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I had planned to camp at the head of Glen Ure, possibly somewhere around Airigh nan Lochan, but daylight was fading fast and I wanted to be off the hill before it got completely dark. Instead of continuing along the ridge in an easterly direction, I decided shortly after Stob Gaibhre to descend directly to Glen Ure.

The terrain was very steep and slippery, and while I was racing against time, I kept looking out for a possible camp site on the hill. To be more flexible I filled my water bottles from a stream, but I just couldn’t find a piece of ground that was dry or level enough to pitch my tent.

It was almost dark when I finally reached the track in Glen Ure, but even beside the track I couldn’t find a suitable pitch. So I continued up the glen until the last bend in the river before the two lochans. In the light of my headtorch I walked around searching beside the river and eventually decided on a place that was far from perfect (the ground was soggy and covered in tall grass), but it would do for the night.

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Day 3

Glen Ure – Beinn Fhionnlaidh – Elleric

Saturday 22 September 2012

12.8 km/772 m/08:15 hrs

Munro: Beinn Fhionnlaidh (No. 278)

In the morning my camp site didn’t seem quite as bad as it did the night before, I even had a nice view from my tent!

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After breakfast, I packed up and followed the track to Airigh nan Lochan, where it peters out.

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Looking back to Beinn Sgulaird.

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Beinn Fhionnlaidh.

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Lochan na Fola.

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The rocky S flank of Beinn Fhionnlaidh, and Coire Rèidh, the grassy section in the middle that I was going to ascend.

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View along the Allt Bealach na h-Innsig.

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A gorge running down Coire Rèidh was blocking my way – I could have stayed on the left (W) side of it, but the slope on the far side looked slightly less steep.

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When I came closer, I found a faint path leading to an easy crossing point just above a waterfall.

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Looking down from the ascent, I noticed that the ground at the foot of Coire Rèidh would have made a perfect camp site.

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Beinn Sgulaird and An Grianan.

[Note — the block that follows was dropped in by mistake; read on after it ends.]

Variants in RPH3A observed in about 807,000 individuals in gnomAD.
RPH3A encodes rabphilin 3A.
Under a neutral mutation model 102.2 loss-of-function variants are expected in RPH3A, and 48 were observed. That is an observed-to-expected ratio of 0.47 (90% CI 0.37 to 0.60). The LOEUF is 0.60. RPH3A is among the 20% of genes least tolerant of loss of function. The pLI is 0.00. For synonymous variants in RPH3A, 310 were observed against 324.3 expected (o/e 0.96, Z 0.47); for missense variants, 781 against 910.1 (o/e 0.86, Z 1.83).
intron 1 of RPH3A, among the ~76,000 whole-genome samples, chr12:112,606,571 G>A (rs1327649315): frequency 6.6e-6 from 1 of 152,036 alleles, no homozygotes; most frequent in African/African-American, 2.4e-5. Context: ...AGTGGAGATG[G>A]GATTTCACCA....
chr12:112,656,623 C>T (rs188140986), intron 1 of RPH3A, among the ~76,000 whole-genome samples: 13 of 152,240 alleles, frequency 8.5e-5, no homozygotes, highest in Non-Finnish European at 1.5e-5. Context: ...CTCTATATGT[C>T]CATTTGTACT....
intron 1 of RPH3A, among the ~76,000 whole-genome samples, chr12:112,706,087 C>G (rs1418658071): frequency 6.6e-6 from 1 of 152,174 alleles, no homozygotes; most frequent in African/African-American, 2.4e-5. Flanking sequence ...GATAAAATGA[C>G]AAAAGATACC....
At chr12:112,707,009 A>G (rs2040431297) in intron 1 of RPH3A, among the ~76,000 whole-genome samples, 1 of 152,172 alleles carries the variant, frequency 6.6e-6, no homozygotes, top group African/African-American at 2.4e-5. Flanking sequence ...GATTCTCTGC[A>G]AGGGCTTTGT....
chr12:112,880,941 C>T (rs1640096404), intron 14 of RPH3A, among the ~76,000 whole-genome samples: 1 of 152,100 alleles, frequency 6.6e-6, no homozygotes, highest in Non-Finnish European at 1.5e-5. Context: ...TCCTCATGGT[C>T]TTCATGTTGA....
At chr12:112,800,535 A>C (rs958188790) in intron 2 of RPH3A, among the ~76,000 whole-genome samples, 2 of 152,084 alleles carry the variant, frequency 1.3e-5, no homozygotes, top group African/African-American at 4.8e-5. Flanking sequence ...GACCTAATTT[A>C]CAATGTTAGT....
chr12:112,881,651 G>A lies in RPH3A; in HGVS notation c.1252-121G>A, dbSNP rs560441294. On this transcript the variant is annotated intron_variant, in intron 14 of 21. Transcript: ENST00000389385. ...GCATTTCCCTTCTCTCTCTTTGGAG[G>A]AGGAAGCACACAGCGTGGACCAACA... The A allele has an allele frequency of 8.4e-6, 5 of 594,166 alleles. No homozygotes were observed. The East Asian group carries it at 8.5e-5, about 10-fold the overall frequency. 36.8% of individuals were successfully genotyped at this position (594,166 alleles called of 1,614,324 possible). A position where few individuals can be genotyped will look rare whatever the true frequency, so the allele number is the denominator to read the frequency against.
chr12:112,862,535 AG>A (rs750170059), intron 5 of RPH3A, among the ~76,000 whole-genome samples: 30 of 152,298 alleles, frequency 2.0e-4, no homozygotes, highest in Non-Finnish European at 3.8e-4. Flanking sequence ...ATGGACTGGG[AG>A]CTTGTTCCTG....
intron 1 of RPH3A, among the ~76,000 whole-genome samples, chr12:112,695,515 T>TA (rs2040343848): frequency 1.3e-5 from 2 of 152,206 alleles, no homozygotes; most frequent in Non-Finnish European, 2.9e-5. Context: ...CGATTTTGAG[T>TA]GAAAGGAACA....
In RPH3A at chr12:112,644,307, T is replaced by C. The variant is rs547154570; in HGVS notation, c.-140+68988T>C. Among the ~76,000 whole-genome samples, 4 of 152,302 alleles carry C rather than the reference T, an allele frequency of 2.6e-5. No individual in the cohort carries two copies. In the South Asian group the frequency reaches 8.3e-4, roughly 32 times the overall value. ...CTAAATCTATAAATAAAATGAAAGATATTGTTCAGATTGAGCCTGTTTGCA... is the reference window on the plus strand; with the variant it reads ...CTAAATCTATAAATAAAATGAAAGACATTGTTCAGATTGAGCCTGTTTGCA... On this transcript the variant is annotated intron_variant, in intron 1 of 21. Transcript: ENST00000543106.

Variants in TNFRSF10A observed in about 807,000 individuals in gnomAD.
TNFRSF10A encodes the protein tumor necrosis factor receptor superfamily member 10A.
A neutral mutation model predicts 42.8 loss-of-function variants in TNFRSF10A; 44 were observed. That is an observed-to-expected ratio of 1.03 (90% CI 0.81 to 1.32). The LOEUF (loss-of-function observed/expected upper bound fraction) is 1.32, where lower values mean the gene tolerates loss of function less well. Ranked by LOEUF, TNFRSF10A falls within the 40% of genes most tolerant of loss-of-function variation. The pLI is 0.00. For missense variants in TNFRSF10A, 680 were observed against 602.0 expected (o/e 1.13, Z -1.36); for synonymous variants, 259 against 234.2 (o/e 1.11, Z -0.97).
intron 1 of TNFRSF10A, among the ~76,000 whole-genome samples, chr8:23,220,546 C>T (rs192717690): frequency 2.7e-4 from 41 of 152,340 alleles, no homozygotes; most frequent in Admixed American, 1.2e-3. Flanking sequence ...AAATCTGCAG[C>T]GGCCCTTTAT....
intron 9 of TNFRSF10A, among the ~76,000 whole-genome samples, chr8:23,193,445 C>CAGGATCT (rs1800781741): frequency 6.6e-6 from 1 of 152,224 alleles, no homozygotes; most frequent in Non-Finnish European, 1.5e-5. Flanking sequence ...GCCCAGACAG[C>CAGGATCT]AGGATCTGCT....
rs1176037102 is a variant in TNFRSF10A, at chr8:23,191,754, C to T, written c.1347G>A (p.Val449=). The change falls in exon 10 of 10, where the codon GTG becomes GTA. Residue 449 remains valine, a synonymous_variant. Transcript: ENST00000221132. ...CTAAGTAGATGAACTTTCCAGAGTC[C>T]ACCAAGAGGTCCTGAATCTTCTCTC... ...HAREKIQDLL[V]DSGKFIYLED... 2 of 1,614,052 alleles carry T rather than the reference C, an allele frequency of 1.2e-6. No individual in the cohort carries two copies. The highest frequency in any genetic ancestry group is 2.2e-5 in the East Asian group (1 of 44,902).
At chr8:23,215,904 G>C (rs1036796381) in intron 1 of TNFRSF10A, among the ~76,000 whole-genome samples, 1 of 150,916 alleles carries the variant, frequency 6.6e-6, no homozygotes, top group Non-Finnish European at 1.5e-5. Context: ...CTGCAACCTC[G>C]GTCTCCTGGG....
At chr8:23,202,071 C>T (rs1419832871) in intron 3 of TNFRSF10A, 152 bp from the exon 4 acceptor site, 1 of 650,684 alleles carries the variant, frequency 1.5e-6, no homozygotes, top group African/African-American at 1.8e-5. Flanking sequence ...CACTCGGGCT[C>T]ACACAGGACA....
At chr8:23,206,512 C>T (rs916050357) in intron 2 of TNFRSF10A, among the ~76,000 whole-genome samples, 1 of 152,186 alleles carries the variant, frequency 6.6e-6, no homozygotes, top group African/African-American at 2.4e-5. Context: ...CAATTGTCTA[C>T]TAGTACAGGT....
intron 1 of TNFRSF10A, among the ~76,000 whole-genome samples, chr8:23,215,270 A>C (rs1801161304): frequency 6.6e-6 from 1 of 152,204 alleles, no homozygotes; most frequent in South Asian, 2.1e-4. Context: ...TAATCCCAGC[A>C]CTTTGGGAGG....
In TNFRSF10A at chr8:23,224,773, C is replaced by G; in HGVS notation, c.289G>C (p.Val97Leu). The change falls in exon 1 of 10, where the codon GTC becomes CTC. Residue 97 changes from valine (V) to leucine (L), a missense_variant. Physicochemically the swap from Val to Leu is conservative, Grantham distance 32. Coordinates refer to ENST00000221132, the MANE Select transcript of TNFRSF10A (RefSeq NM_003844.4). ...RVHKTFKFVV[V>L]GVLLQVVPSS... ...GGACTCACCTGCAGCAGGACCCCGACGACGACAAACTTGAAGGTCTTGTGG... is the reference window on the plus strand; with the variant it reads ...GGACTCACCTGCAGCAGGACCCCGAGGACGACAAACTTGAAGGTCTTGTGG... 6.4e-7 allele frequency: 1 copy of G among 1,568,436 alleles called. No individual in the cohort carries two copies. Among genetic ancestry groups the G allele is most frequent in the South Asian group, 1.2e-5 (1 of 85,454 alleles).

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Coire Rèidh.

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When I reached Beinn Fhionnlaidh’s E ridge, the views in all directions were fantastic.

Sgùrr na h-Ulaidh.

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Glen Etive and Creise.

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Loch Etive and Ben Starav.

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The last section of the ascent to Beinn Fhionnlaidh’s summit.

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Beinn a’ Bheithir.

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Ben Nevis.

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View back along the E ridge.

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Beinn Fhionnlaidh trig point, with Loch Creran in the background.

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The descent along the W ridge seemed to go on forever, but the views made it a bit more enjoyable.

Beinn a’ Bheithir.

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Lochan Càirn Deirg.

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Glen Ure and Glen Creran.

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An Grianan.

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The main conclusion of this trip was: I need more practice with the Viewranger app 😳

Apart from that and the soaking I got on day one, this was one of the best trips of the year, the views were simply breathtaking 🙂

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2 thoughts on “Ben Vorlich, Beinn Sgulaird and Beinn Fhionnlaidh

  1. Hallo Ness,
    ganz tolle Aufnahmen hast Du wieder gemacht, ich finde viele Deiner Fotos sehen wie gut gemalte Aquarellbilder aus. Mach weiter so, ich freue mich auf Deine nächsten Bilder von Deinen super Wanderungen in Deinem schönen Schottland.
    Viele liebe Grüsse
    Rita